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4 Ways to Bolster Your Brain Health Now

Colorful Brain

It weighs just three pounds and information signals sent from the body’s CPU clock in at an astonishing 268 miles an hour. The human brain is a medical and biological marvel and doctors stress the importance of doing everything we can to keep our noggins humming. “When someone has a healthy brain, that person can realize a full potential,” says Dr. Rafael A. Ortiz, executive director of neurosciences at White Plains Hospital. “There are multiple determinants that influence how our brains develop, grow, adapt and respond to stress and adversity.” While keeping our minds sharp and our bodies healthy is a lifelong pursuit, getting older brings on a new set of challenges. “As individuals age, some areas of the brain become thinner or shrink, with the decline usually noted after the age of 40 based on some studies,” says Dr. Paul Lleva, director of stroke at Greenwich Hospital. “The brain undergoes changes and may begin to lose certain circuits and [the] ability to adapt, known as plasticity. Aging also puts individuals at risk for developing neurodegenerative diseases such as Alzheimer’s disease and stroke. All these changes can affect various cognitive domains, which includes memory.” But it’s also important to distinguish between so-called senior moments and more “pathological aging,” says Dr. Jessica Zwerling, director of the Montefiore Hudson Valley Center for Excellence in Alzheimer’s disease. “It’s normal to maybe take a while to remember the name of a movie or the actor in a movie. It may come to you at inopportune times, but it does come to you.” More concerning is “where someone may be getting lost on routes they normally take, or they can’t complete tasks they [usually] can. It’s across the life span, not just older adults,” she says. So keep your mind sharp and healthy with this advice from the experts:

1. Be a health-conscious grill master this summer and be a more MINDful eater.

Dr. Ortiz stresses how a sensible diet can “diminish the risk of strokes and improve memory function.” Next time you fire up the backyard barbecue, keep the menu lean. “Summer grilling of fish and vegetables is recommended over red meat,” he advises.

When it comes to eating “brain-friendly foods,” says Dr. Lleva, hit your local farmer’s market and load up on the fresh produce that is readily available in the warmer months. Also, check out the catch of the day at your local fish market to increase your intake of brain- (and heart-) healthy seafood.

Speaking of diet, hitting up that summer farmer’s market is a smart strategy. That’s in part because—though it’s a mouthful to say—sticking to a MIND diet (Mediterranean Intervention for Neurodegenerative Delay), which focuses on more plant-based foods and limits animal-based foods with lots of saturated fats, “targets the healthy brain,” explains Dr. Zwerling. “It’s looking at farm-to-table food and avoiding overly processed food.” This approach is so important for heart and mind health that Zwerling says as a society, we need to do more to make these foods accessible to those in need. Says Zwerling: “Not everyone has access to farm-to-table. We have to bring it to those communities.”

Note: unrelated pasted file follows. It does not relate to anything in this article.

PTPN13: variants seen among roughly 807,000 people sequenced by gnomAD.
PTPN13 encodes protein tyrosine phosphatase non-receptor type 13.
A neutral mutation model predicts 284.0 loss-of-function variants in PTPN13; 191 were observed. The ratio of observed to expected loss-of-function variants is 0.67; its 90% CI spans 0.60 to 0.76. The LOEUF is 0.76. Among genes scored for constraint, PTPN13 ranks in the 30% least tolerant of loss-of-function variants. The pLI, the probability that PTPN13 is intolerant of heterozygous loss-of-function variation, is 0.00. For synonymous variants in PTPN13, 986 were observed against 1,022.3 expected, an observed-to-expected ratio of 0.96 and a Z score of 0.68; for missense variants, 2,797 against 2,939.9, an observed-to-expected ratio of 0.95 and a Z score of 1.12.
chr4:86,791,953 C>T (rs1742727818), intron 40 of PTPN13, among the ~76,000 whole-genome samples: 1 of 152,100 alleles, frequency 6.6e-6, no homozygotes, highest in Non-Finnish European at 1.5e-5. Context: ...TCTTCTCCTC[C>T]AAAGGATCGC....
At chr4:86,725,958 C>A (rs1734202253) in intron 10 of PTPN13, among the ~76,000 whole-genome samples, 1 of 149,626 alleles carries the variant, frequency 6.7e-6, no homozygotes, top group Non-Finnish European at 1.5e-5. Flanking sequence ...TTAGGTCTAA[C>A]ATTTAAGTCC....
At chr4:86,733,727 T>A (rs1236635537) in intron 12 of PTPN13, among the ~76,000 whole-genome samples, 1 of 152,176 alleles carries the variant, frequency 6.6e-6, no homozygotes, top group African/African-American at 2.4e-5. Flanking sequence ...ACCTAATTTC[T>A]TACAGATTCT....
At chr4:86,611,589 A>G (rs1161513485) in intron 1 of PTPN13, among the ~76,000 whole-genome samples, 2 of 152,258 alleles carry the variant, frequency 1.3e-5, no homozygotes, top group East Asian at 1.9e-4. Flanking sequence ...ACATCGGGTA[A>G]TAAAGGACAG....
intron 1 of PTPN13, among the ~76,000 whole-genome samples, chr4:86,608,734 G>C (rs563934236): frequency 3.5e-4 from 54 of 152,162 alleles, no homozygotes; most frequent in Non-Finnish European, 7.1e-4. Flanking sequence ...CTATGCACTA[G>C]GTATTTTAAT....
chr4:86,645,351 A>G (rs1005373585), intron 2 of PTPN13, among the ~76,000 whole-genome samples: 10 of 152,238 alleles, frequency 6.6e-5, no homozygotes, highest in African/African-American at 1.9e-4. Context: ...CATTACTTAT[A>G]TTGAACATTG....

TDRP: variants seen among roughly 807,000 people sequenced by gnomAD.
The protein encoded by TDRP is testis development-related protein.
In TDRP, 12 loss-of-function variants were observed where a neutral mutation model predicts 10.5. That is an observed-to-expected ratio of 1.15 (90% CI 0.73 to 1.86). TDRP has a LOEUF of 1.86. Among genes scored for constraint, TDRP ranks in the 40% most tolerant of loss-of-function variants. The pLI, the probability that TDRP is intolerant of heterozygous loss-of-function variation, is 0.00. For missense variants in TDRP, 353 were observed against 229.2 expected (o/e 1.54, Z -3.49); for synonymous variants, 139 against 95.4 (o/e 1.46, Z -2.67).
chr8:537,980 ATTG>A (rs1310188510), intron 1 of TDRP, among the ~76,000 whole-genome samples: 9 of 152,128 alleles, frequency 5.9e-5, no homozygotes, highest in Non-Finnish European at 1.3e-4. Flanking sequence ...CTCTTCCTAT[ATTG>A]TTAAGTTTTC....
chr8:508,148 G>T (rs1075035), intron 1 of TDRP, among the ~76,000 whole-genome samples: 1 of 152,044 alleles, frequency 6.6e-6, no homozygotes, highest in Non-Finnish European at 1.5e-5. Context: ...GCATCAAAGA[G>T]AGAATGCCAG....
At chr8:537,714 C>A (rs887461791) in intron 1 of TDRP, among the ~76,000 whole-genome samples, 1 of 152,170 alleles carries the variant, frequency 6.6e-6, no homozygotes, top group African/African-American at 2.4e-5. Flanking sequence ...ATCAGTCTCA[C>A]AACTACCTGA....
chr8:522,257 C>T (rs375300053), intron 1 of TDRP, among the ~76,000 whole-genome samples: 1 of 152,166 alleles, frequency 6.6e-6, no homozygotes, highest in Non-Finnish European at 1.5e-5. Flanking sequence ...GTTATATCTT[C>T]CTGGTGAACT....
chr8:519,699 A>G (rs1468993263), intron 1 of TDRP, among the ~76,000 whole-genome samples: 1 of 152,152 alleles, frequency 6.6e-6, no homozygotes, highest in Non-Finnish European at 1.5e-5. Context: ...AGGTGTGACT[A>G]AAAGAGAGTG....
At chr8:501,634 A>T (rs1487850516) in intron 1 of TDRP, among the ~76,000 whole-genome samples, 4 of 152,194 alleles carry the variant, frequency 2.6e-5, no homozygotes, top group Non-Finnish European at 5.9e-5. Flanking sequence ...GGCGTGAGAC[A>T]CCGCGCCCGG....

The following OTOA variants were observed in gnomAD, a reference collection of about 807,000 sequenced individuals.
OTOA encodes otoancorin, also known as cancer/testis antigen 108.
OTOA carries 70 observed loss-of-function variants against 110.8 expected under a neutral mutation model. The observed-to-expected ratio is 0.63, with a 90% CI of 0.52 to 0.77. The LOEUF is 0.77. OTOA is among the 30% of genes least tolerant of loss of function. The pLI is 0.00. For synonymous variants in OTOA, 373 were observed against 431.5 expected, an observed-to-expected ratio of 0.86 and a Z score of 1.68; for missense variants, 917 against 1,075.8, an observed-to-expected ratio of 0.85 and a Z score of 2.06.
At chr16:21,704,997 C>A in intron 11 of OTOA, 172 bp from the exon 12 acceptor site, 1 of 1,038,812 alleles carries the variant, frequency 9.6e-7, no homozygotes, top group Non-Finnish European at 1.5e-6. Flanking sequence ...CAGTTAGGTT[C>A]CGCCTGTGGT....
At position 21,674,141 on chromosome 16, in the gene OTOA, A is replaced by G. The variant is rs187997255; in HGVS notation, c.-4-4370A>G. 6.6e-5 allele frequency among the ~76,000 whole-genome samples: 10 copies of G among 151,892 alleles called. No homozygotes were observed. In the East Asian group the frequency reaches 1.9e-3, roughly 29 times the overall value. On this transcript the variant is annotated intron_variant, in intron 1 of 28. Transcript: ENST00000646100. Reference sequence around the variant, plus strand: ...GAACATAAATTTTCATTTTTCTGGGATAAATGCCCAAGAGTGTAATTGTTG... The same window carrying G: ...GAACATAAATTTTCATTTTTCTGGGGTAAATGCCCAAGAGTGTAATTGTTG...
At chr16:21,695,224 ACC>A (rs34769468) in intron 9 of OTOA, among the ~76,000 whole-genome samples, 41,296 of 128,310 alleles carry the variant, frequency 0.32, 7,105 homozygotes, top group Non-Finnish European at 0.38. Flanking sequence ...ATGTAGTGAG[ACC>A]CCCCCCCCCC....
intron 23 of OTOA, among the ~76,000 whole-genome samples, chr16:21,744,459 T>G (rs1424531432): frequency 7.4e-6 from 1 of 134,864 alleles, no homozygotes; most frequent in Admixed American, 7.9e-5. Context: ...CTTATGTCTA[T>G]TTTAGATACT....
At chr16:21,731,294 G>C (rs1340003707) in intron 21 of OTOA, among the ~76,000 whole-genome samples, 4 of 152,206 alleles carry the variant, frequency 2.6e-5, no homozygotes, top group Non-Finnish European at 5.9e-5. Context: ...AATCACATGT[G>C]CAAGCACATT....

Experts say swapping out red meat for seafood and veggies on the grill is a healthier option.

2. Waltz into a brain-healthy life.

If you’re looking for a new hobby or activity with your partner, ballroom dancing may be a good choice. Dr. Zwerling says a colleague of hers is doing work studying the benefits of ballroom dancing and overall cognitive health. “When you think about dance steps, it’s mimicking the neurocircuitry and kind of reinforcing that executive function,” she says.

A fun way to potentially boost brain health: Consider signing up for ballroom dancing lessons.

3. Keep your mind and your social calendar full.

Dr. Zwerling likes to tout the “Three H’s” to keep your mind sharp: Habits, hobbies and happiness. Hobbies doesn’t necessarily mean picking up the New York Times crossword puzzle, says Dr. Zwerling, “but they should be a part of what’s culturally relevant to you. Whether it’s gardening outside or partaking in a reminiscence therapy group or book club. Leisure activities have an overall effect on brain health.” The last H, happiness, is especially important. “If you’re depressed or anxious, brain and cognitive health can look quite worse compared to someone who is happy and healthy,” she says. A good way to feel joy and keep your brain sharp is to enjoy the company of others and never stop being a student. “Stay mentally active through regular social engagement,” advises Dr. Lleva. “Read more, learn a new language or skill, create art, take classes and continue to challenge your brain!”

Keeping your mind active with hobbies, like taking a painting class, can be helpful.

4. Keep the heart pumping, too.

Exercise is universally touted to not only strengthen your heart health, but also ward off cognitive decline. “Engage in regular physical activity, which has been shown to reduce the risk of dementia,” says Dr. Lleva. Summer is the perfect time to do all sorts of outdoor exercise—from playing tennis or pickleball to swimming to going on morning or after-dinner walks. After all that activity, getting a good night’s sleep and maintaining a steady snooze schedule of at least seven hours of sleep a night is also key in keeping brain health decline in check.

A regular fitness routine—even something as simple as walking—is shown to reduce risk of dementia.

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